Prime Focus Adds Graphic Dimension to ‘Avatar’
avatar graphic dimension
Prime Focus, a global visual entertainment services group, has contributed a number of shots to James Cameron’s stereoscopic 3D feature film “Avatar.” The movie, which stars Zoe Saldana, Sam Worthington and Sigourney Weaver, hits theaters Dec. 18 and features numerous stereographic and “Holotable” displays, animated graphics, immersive environments and other visual effects created by Prime Focus.
A team of approximately 90 was spread across Prime Focus’ Los Angeles, Vancouver and Winnipeg facilities, with President & Senior Visual Effects Supervisor Chris Bond and Visual Effects Producer Chris Del Conte driving the project out of the LA office. Graphics Supervisor Neil Huxley art directed and oversaw the design of the motion graphics elements. The bulk of Prime Focus’ work was done for the film’s Bio lab and Ops Center, the bustling hub for military operations and one of the key environments in the film.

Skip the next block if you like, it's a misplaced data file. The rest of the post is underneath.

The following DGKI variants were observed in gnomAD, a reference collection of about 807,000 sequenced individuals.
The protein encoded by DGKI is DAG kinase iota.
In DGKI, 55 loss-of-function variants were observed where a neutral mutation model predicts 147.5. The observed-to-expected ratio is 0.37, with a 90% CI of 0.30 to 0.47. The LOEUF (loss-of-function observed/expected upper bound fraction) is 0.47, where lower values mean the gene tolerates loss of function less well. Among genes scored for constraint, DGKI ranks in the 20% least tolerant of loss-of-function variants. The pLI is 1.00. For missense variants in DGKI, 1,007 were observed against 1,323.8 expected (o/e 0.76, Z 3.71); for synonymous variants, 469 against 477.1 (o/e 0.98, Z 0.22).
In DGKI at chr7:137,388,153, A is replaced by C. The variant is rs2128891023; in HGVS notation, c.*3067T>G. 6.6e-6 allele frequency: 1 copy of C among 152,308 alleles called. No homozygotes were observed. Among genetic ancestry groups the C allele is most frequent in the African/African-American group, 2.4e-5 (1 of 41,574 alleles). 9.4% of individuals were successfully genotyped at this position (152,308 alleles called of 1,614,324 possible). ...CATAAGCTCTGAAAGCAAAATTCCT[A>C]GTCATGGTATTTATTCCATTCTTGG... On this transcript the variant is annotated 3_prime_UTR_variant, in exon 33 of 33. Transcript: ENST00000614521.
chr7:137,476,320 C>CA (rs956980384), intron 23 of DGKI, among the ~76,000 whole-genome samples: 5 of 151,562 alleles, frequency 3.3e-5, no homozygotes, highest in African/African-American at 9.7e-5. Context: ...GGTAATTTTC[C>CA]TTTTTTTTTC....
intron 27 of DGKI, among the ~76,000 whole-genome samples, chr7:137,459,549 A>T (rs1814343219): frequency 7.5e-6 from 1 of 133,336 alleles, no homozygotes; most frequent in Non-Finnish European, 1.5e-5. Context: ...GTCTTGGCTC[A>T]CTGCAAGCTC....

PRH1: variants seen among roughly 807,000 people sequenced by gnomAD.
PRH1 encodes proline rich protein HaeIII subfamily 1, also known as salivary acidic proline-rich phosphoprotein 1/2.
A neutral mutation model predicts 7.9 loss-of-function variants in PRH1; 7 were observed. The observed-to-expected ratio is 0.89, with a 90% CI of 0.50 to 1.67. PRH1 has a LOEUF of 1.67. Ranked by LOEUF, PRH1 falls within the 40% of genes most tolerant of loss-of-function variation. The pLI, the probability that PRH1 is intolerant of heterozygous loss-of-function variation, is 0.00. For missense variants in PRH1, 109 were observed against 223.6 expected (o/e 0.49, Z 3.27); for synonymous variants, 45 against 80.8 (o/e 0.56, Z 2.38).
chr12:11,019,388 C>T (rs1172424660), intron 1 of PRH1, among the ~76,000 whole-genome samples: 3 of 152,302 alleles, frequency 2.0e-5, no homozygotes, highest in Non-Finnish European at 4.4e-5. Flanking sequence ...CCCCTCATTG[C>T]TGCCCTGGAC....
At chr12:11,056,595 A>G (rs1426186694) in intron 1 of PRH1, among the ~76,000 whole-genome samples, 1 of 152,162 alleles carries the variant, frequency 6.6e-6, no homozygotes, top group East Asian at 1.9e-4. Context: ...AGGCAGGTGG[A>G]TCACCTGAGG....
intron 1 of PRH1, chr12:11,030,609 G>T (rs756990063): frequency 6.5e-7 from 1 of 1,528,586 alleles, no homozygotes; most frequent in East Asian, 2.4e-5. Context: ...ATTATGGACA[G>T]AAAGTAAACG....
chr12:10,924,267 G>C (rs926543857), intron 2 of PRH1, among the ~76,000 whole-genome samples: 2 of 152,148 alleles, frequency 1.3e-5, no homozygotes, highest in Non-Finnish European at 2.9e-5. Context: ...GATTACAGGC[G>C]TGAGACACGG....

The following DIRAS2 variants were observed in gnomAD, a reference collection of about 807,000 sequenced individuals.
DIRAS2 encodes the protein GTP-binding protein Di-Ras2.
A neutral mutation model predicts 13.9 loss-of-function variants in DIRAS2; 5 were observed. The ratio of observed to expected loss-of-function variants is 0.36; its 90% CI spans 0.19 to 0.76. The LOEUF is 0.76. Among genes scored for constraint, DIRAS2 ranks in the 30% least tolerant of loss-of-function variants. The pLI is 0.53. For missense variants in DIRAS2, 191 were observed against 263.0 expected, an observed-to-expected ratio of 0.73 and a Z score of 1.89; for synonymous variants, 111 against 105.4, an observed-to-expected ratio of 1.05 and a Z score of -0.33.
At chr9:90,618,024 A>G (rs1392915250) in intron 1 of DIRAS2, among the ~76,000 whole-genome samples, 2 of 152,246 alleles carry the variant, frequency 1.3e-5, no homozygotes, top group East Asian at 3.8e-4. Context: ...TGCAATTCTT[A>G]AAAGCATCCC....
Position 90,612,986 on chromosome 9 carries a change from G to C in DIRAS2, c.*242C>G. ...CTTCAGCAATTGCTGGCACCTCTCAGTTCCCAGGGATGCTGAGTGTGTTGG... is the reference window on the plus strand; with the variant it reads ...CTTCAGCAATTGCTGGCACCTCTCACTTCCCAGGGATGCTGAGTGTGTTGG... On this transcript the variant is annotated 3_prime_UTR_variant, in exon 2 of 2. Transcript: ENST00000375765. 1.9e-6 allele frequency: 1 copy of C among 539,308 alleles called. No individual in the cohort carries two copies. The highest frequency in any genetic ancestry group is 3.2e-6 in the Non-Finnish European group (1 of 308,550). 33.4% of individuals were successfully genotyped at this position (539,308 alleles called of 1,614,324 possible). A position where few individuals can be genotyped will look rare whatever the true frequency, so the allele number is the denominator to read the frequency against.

“Our experience working with stereoscopic 3D material, both on the movie ‘Journey to the Center of the Earth 3D’ and through our proprietary View-D technology, more than prepared us for ‘Avatar,’” said Bond. “Having the resources of our talented teams across Winnipeg and Vancouver at our disposal and set up for remote collaboration with our Los Angeles crew also meant we could ramp up at a moment’s notice when we were awarded additional shots.”
Prime Focus designed displays for the Op Center’s Holotable over which the film's main characters discuss their missions and plans to mine a valuable mineral found on the planet Pandora. In one key scene, the film’s protagonist Jake Sully (Sam Worthington) and Col. Quaritch (Stephen Lang) bring up a three-dimensional hologram of the “Home Tree,” where the Navi, Pandora’s indigenous population, live.
Using the original live-action plate of a table with a greenscreen across the top, Prime Focus modeled the hardware that went inside the table, the projector beams, and added graphics projected above the table of the terrain, including the Home Tree. These graphics were designed in 2D in Adobe Illustrator, animated in Adobe After Effects, placed on cards in 3D and rendered in Autodesk 3ds Max. Prime Focus Software’s Krakatoa particle system was used for the 3D terrain, which gave the images a scan-lined LIDAR-like quality, as if a satellite roving the planet’s atmosphere captured the footage.
To make the Ops Center feel alive and bustling with activity, Prime Focus also designed interactive stereographic displays for dozens of screens, so every monitor screen had a sense of movement and depth. Each screen was composed of four-to-eight layers, rendered in different passes and composited together.